Doug Fairbanks

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All that, however, was far in the future when he picked up his stage career again in 1907 and found it booming along so splendidly. The plays have all been forgotten, but his penultimate Broadway vehicle, He Comes Up Smiling , seems to have been quite typical of them and, indeed, of the movie roles he was shortly to be playing. It was about a bank clerk bored with his job who undertakes a life of adventurous vagabondage and, after many cheery thrills, finds fortune and romance. The New York Times called it “a gay story of a great adventure” and noted that Fairbanks’ performance “justified” his star billing.

He was equally successful in The Show Shop , and what was important was not his growing name but the fact that he had firmly established a public personality, a known quantity that audiences could count on to deliver a certain kind of entertainment. In fact, unknowingly he had been creating out of the raw materials of his essential self precisely the kind of image that the movies at the moment required.

Fairbanks was lured to Hollywood by a now almost-forgotten “pioneer of the industry,” as filmland’s ceremonial phrase goes. Harry Aitkin had broken in as an owner of middlewestern theatres and film exchanges and had then shifted into production with dizzying success. D. W. Griffith himself was on Aitkin’s Fine Arts lot in Hollywood, supervising production as one third of Triangle Film Corporation (the other two thirds were Mack Sennett, producing comedies, and Thomas I nee, producing action films). Aitkin, with a corner on name directors, knew that they were not enough to insure prosperity. He also needed actors to compete with such luminaries as Chaplin and Mary Pickford, and he signed some sixty stars of the legitimate stage, among them Sir Herbert Beerbohm Tree, DeWoIf Hopper, Billie Burke, Texas Guinan, Weber and Fields, and, in the second rank, almost as an afterthought, Douglas Fairbanks.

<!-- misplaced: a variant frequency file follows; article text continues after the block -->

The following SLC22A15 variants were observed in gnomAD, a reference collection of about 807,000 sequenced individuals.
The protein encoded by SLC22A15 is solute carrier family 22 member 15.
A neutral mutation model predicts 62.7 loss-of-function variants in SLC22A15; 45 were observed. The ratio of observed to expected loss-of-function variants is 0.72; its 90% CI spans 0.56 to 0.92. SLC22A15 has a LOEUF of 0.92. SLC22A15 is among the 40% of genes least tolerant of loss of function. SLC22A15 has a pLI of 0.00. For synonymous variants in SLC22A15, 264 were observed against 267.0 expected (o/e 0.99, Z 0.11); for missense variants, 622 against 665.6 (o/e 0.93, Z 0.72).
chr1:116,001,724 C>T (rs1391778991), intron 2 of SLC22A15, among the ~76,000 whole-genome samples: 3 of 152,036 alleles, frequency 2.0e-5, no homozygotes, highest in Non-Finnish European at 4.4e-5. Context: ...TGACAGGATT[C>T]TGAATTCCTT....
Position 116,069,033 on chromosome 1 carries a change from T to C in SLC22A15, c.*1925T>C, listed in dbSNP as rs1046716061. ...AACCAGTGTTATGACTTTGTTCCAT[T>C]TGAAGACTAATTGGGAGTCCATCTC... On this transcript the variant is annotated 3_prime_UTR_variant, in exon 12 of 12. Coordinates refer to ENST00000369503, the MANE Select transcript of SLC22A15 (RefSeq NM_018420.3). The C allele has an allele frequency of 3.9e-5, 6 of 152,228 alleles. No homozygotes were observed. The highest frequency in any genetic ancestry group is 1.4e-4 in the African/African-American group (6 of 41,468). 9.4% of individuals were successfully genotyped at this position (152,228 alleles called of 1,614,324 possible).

His salary was two thousand dollars a week, which compensated for what he regarded as a loss of status in shifting from the stage to the movies. The trouble was that Griffith, in whose unit he was placed, couldn’t figure out what to do with him. His bounding energy irritated the humorless master, as did his breezy personal style. Moreover, it was one of the tragedies of Griffith’s career that, though he had an uncanny eye for feminine screen talent (Pickford, the Gish sisters, Mae Marsh, and Blanche Sweet all began their careers with him), he was, it would seem, quite uncomprehending about what constituted star quality in men (he was later to have Rudolph Valentino in his employ and entirely miss his appeal, repeatedly casting him as the villain).

In short, Fairbanks presented a problem to Griffith that the director tried to slide out of by suggesting that perhaps Fairbanks would be happier working in Sennett’s unit. The idea did not appeal. Fairbanks was a physical actor, no question about that, but his thing was grace, not knockabout farces. So he hung on, drawing his salary, perhaps consoling himself that most of the other stage actors caught up in Aitkin’s net were similarly underutilized.

Still, there was a great deal of expensive talent sitting around Hollywood, and something had to be done with it. Already Aitkin probably realized that stage stardom was not necessarily transferable to the screen. Youth and naturalism of style were the desiderata for actors in the new medium, and those were commodities in short supply among the Broadway strangers.

After a summer of idleness Fairbanks finally got something to do—a script (author unknown) called The Lamb . Christy Cabanne, a long-time Griffith assistant, directed while D. W. “supervised” from as great a distance as he could. And in this film a great deal of Fairbanks’ essential screen personality was set forth. It was the tale of an effete eastern snob invited to join a house party in the Wild West and forced, through a chain of unlikely circumstances, to rescue and defend from marauding Indians Seena Owen, the girl who scorned his love. This was a transformation that fascinated Fairbanks. In one after the other of his short, early films he was a sissy or a seriously inhibited youth who found within himself the surprising resources to rise to difficult challenges. Even when he began rummaging through history for stories, the character he played often used the role of the unconcerned, uninvolved playboy as a way of disguising his true, heroic nature (see The Mark of Zorro , for instance). There can be no doubt that Fairbanks thought that he had himself effected such a transformation when he escaped from the respectability his mother had sought to impose upon him.

At this point, however, no one saw what he was driving at. On the set of The Lamb he irritated the crew with his irrepressible between-takes gymnastics, and they retaliated by giving him a make-up that made him appear to be a victim of anemia. The film was shipped to New York with no confidence at all, and Fairbanks followed, pretty well convinced he had no future in the movies.